But fast food, filled with fat and salt, is irresistible. McDonald's have proved that in every country where it does business.

Douglas A. McIntyre is an editor at 247wallst.com.

Tags: consumer spending, ConsumerSpending, europe, f
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Bloomberg.com: U.S.

July 22 (Bloomberg) -- Yahoo! Inc. Chief Executive Officer Jerry Yang will have to revive the Internet company's profit with a divided board and Carl Icahn as minority leader.

The billionaire investor, who had sought Yang's ouster and pushed for a takeover by Microsoft Corp., will become a director and name two others to the 11-person board under an agreement announced yesterday. While Yang keeps his job, disappointing results will make his position tenuous, said Darren Bagwell, director of equity research at Thrivent Assent Management Inc.

Analysts on average project a 13 percent drop in earnings when Yahoo reports second-quarter results today, and Yang's promises to lure users from Google Inc. and expand sales 72 percent by 2010 may fail to materialize, Bagwell said.

``The quarter probably won't be that good, probably uglier than some people are expecting,'' said Bagwell, whose Appleton, Wisconsin-based firm oversaw about $60 billion and had 1.6 million Yahoo shares as of March. ``The inevitable is that there's either a significant change in the upper management team or the thing just gets sold off in pieces.''

Yahoo, owner of the second most popular Internet search engine, may say second-quarter sales expanded 10 percent to $1.37 billion, excluding fees passed on to partner sites, according to the average of 26 estimates compiled by Bloomberg. That is little changed from 11 percent growth a year ago.

Net income may have dropped to $140 million, or 10 cents a share, from $161 million, or 11 cents, the survey showed.


``The sentiment's pretty much at rock-bottom at this point,'' said Ross Sandler, an analyst at RBC Capital Markets in New York. ``Everybody thinks Yahoo is going to have a crummy quarter.''

Icahn, 72, and Yahoo spokeswoman Diana Wong didn't return messages seeking comment. Yahoo will report results after U.S. markets close today.

Yahoo fell 73 cents to $20.94 at 9:43 a.m. New York time in Nasdaq Stock Market trading. Before today, Yahoo had dropped 17 percent since Microsoft walked away from a takeover of the company June 12. Nine analysts recommend buying Yahoo shares, 18 say to hold and four advise selling.

Icahn owns about 5 percent of Sunnyvale, California-based Yahoo, or more than 68 million shares. He must resign from the board if his stake falls to fewer than 30 million shares, Yahoo said in a regulatory filing yesterday. Icahn also must be invited onto any board committee that's negotiating a transaction, the filing said.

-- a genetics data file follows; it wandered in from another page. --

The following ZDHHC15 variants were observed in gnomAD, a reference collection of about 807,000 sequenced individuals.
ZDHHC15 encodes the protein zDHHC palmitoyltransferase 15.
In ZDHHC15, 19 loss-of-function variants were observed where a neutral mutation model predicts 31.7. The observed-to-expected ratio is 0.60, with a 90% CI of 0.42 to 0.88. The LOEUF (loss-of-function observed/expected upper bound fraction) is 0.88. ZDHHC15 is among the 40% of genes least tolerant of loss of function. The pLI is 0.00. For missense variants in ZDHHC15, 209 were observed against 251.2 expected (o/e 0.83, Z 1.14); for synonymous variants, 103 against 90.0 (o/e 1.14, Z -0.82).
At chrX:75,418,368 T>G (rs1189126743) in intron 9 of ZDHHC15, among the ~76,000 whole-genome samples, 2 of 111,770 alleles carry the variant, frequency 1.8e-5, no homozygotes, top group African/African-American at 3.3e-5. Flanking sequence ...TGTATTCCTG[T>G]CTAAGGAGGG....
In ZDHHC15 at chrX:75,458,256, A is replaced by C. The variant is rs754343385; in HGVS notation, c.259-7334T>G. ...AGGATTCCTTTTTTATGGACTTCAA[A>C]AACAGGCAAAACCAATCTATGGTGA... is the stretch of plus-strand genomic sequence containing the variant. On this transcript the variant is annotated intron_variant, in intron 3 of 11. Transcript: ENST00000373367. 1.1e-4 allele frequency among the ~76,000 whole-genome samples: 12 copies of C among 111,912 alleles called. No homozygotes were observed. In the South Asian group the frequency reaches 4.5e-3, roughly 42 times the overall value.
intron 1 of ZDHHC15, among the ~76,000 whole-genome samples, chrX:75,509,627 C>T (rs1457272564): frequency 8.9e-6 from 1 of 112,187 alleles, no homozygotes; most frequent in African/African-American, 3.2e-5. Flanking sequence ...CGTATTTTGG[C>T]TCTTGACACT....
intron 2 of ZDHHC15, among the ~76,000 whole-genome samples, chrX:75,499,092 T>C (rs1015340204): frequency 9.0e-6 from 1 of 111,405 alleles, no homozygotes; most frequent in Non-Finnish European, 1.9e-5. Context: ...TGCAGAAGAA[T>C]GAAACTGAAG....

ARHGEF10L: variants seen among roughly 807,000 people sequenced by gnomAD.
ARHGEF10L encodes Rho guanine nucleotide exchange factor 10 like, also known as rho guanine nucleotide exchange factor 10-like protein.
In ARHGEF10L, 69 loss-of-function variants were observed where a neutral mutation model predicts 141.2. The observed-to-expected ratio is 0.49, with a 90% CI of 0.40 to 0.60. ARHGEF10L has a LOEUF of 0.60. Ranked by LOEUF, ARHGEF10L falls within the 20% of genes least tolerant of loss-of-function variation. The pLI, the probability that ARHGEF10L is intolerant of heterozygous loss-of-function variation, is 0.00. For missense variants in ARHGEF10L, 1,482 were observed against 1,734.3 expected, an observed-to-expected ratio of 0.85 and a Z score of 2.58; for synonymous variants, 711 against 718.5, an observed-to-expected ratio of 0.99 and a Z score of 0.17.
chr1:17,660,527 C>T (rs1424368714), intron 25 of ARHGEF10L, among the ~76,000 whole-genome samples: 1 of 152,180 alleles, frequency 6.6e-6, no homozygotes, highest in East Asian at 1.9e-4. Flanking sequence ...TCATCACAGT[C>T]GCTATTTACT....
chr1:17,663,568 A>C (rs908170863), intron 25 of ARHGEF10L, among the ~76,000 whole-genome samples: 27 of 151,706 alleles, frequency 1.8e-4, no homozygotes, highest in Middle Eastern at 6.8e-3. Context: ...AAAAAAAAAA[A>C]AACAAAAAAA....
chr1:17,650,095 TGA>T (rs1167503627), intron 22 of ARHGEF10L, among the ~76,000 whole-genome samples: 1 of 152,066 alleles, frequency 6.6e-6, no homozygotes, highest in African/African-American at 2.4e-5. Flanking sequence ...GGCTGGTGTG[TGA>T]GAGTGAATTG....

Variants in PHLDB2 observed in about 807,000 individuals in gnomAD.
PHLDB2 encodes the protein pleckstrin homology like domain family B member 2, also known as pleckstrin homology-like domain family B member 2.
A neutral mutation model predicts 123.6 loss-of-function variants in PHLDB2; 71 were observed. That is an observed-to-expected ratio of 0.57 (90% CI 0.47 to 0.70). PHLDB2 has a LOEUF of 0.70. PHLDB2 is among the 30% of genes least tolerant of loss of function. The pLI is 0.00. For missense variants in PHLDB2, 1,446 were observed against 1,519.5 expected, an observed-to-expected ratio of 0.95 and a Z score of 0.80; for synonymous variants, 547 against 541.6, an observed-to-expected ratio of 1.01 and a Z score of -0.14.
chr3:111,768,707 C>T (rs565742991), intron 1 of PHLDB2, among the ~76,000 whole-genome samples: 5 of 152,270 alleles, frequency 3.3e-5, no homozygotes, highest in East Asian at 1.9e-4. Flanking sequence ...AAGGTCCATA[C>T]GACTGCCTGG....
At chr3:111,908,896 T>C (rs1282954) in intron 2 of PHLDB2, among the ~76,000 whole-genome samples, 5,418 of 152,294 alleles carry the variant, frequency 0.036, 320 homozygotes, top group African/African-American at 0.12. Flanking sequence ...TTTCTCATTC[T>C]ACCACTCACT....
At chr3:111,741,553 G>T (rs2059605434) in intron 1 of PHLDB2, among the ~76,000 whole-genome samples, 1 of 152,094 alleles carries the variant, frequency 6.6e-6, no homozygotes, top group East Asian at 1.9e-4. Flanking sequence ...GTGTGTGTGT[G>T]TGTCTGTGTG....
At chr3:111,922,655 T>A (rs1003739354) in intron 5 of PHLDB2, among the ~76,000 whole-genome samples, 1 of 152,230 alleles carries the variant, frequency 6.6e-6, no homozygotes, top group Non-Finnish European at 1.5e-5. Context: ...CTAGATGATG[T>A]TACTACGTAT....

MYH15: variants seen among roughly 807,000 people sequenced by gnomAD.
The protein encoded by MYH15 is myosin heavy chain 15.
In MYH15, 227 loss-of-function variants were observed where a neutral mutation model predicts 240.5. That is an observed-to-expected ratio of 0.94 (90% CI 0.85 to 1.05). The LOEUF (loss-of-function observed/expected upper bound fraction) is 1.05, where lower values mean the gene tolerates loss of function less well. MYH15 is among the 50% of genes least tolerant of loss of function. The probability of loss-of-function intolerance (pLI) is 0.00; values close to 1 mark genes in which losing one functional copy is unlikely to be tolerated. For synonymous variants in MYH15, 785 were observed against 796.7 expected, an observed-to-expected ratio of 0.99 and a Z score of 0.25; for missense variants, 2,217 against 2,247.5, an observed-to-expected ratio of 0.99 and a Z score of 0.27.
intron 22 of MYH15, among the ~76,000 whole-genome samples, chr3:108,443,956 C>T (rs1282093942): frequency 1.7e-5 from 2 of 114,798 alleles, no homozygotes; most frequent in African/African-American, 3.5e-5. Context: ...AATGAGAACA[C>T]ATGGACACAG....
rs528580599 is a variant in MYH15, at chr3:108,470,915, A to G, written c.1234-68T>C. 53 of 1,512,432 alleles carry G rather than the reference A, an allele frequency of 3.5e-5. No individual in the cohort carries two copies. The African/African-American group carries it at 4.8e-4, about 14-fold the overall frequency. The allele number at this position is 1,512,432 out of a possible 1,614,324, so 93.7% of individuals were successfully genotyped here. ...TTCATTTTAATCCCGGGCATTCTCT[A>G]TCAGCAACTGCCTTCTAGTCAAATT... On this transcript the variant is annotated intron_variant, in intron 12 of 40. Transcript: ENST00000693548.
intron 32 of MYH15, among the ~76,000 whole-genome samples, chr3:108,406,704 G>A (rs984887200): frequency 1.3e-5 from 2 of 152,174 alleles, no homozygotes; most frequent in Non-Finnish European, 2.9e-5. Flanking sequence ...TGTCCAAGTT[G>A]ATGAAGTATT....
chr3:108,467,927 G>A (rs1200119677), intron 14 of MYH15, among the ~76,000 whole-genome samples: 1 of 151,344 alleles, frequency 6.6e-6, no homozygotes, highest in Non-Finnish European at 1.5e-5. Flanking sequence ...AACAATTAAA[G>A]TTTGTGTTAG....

Wrapping Up Fight

``Today, Yahoo moves past a distracting proxy contest,'' Yang said in a blog posting last night. The settlement with Icahn will ``allow us to get back to the business at hand.''

As a board member, Icahn may press Yang, 39, to take immediate steps such as cutting jobs, selling some units and making acquisitions, said Jeff Lindsay, an analyst with Sanford C. Bernstein & Co. in New York. The potential candidates for the two other spots on the board include Jonathan Miller, the former chief of AOL.

Yang has sought to revive investor faith in his strategy with predictions of faster sales growth. The company forecast in March that sales, excluding revenue shared with partner sites, will rise to $8.8 billion in 2010, from $5.11 billion last year. Analysts on average estimate sales for that period will climb to $7.3 billion, according to data compiled by Bloomberg.

Before yesterday's agreement, Icahn had claimed Yang didn't have the operational expertise to run Yahoo. Yang and David Filo co-founded the company more than a decade ago as graduate students at Stanford University. Yang took over as CEO in June 2007, following the departure of Terry Semel, who ceded the lead in Internet advertising sales to Google.

Display Slowdown?

Yang also has to cope with an economic slowdown that may prompt customers to curb ad budgets. Sales of banner ads and so- called display promotions on Web pages will rise 12 percent in the U.S. this year, researcher Magna Global in New York said this month. Magna lowered its forecast from a 17 percent increase, citing the impact of soaring fuel and food prices on the economy.

Yahoo gets about 20 percent of U.S. Web queries, or a third of Google's share. Acquiring Yahoo would triple Microsoft's percentage of U.S. searches. Microsoft spokesman Frank Shaw didn't respond to messages seeking comment.